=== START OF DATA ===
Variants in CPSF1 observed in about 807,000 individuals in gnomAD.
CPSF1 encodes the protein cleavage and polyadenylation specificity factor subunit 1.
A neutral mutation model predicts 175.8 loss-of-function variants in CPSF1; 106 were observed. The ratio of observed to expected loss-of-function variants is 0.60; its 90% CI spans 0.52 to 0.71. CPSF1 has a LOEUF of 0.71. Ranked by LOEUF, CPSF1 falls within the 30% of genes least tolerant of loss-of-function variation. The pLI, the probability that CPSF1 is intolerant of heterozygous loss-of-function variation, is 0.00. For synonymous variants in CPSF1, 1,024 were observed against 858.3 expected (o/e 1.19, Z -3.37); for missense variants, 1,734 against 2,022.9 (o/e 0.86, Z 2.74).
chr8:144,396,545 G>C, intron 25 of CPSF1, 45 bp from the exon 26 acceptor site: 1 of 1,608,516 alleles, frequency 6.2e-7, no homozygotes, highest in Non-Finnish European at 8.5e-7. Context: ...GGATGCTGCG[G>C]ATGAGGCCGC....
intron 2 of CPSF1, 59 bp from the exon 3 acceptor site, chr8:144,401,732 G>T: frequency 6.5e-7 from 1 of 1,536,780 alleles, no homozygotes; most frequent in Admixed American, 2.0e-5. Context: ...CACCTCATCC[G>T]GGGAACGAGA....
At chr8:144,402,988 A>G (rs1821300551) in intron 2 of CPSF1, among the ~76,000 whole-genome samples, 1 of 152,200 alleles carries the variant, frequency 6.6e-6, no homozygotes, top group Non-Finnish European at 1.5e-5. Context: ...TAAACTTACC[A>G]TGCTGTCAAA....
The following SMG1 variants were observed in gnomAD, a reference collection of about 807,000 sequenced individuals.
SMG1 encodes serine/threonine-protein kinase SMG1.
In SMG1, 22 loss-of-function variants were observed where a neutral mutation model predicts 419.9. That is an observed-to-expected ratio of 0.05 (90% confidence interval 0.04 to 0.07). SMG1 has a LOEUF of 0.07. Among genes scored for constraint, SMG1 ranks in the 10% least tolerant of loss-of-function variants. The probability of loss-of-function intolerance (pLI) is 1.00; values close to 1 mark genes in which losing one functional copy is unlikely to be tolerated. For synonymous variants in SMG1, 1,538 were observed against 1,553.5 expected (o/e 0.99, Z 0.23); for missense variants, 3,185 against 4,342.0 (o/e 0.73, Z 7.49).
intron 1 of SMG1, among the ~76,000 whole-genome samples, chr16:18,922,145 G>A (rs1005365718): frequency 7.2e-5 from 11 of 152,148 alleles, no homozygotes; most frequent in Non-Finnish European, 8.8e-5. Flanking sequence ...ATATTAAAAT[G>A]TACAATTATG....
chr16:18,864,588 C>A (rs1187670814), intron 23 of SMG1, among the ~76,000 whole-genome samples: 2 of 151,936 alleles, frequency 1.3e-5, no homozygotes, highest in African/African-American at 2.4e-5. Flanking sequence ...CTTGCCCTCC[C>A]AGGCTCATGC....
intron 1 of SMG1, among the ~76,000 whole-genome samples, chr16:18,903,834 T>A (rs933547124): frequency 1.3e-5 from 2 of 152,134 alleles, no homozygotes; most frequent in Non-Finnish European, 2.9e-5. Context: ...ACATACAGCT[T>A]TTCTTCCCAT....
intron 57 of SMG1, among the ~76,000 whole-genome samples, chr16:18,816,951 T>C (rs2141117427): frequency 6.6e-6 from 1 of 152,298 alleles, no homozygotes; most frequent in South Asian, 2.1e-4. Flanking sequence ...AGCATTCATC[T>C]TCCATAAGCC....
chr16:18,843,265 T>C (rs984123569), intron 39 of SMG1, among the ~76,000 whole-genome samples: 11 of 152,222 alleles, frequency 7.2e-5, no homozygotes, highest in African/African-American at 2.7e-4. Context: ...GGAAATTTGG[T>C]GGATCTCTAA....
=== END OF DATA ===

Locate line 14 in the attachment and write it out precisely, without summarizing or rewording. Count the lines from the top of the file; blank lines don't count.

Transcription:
chr16:18,843,265 T>C (rs984123569), intron 39 of SMG1, among the ~76,000 whole-genome samples: 11 of 152,222 alleles, frequency 7.2e-5, no homozygotes, highest in African/African-American at 2.7e-4. Context: ...GGAAATTTGG[T>C]GGATCTCTAA....